The Lions also fired offensive line coach Ron Prince on Monday, a source confirmed to ESPN.
While he had a winning record overall, Caldwell was 4-23 against teams over .500 in his tenure. In key games in 2017 down the stretch of the season, while fighting for a division title and playoff berth, the Lions lost to the Vikings on Thanksgiving and then had December losses to Baltimore and Cincinnati, essentially knocking Detroit out of playoff contention.
Losses to good teams over Caldwell's tenure -- he had chances to win division titles in 2014 and 2016 but lost Week 17 games against Green Bay -- played a factor in his dismissal.
"That's a big part of why I'm standing here today," Quinn said. "I think there's games we could've, would've and should've won, and we didn't.
"This is a results business. This is wins and losses. You talk about all the individual plays, all the individual players, the staff, all that stuff. It comes down to winning football games and winning championships."
Quinn took some of the onus of the Lions' identical 9-7 records over the past two years, but also said he felt the teams of the past two seasons were capable of better records than what they finished with.
Stafford gave Caldwell credit for his development. Over the four seasons under Caldwell, Stafford improved his completion percentage, cut down his interceptions and became generally more efficient. He completed 64.6 percent of his passes with 107 touchdowns and 45 interceptions from 2014 through 2017, averaging 4,323 passing yards per season.
"He's been great. He's as levelheaded a guy as I've ever been around," Stafford said. "Understands the position of quarterback really well and was great for me and great for a lot of guys on offense just to bounce ideas off of. I have a ton of respect for him, just the way he carried himself, the way he coached us, the way he treated everybody. He's a great guy and a great coach."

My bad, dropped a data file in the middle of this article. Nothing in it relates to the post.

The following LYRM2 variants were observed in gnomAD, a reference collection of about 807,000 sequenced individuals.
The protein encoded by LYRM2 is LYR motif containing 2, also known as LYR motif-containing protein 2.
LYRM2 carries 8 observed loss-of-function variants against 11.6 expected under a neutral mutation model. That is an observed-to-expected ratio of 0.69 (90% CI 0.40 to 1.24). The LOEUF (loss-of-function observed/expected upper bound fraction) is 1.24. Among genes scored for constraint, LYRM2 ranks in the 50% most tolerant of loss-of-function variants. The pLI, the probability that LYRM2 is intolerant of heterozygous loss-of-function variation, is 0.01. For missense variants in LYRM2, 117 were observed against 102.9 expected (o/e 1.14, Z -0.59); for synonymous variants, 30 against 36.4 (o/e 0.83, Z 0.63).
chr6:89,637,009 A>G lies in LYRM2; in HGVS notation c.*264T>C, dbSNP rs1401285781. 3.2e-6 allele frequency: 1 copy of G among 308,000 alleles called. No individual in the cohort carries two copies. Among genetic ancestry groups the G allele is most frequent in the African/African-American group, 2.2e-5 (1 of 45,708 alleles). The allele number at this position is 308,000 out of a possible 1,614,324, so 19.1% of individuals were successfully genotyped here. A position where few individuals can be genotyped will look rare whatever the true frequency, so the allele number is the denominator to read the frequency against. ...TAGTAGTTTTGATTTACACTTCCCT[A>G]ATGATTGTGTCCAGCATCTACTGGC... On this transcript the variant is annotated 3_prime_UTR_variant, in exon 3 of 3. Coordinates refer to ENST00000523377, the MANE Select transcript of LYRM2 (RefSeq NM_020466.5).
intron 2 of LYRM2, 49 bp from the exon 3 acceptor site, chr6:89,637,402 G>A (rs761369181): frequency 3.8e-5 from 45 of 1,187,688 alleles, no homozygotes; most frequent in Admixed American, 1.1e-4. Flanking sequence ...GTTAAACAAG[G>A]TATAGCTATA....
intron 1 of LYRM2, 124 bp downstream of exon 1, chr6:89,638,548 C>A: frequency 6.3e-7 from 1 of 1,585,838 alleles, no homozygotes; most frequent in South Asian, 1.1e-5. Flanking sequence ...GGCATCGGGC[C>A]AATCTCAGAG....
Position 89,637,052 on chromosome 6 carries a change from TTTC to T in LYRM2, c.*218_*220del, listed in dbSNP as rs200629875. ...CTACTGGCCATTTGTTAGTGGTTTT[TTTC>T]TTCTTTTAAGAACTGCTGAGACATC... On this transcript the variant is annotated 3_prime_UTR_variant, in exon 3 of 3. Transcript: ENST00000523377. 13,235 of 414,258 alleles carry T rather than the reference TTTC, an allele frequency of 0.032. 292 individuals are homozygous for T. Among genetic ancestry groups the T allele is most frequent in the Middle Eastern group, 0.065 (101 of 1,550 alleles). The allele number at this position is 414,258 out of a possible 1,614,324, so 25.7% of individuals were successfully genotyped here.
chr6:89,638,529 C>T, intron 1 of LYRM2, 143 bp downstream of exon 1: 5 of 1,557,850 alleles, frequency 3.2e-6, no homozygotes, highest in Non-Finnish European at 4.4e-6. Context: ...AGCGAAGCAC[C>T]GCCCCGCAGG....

Lions safety Don Carey, who was particularly close to Caldwell, said he spoke with Caldwell after he was let go and that they gave each other words of encouragement. Carey said he admires Caldwell "greatly" and hopes to stay in contact with him.
Carey said that during their conversation, Caldwell was "as even keeled as he always is, and that's what makes him special. You don't really see him too excited or see him flustered. He always seemed to have the same demeanor."
Instead of Caldwell addressing the Lions on Monday, Quinn spoke with the team during their final big meeting before leaving for the offseason. Tight end Eric Ebron said Quinn told the team "pretty much what he's looking forward to doing and the future of this team and what he has in mind and pretty much gave us something to look forward to."
Detroit has not won a playoff game since Jan. 5, 1992, against Dallas, and has not won a divisional title since 1993. Caldwell's winning percentage of .563 was the highest of any coach who led the Lions for more than one season since Buddy Parker had a 47-23-2 record and .671 winning percentage from 1951 to 1956.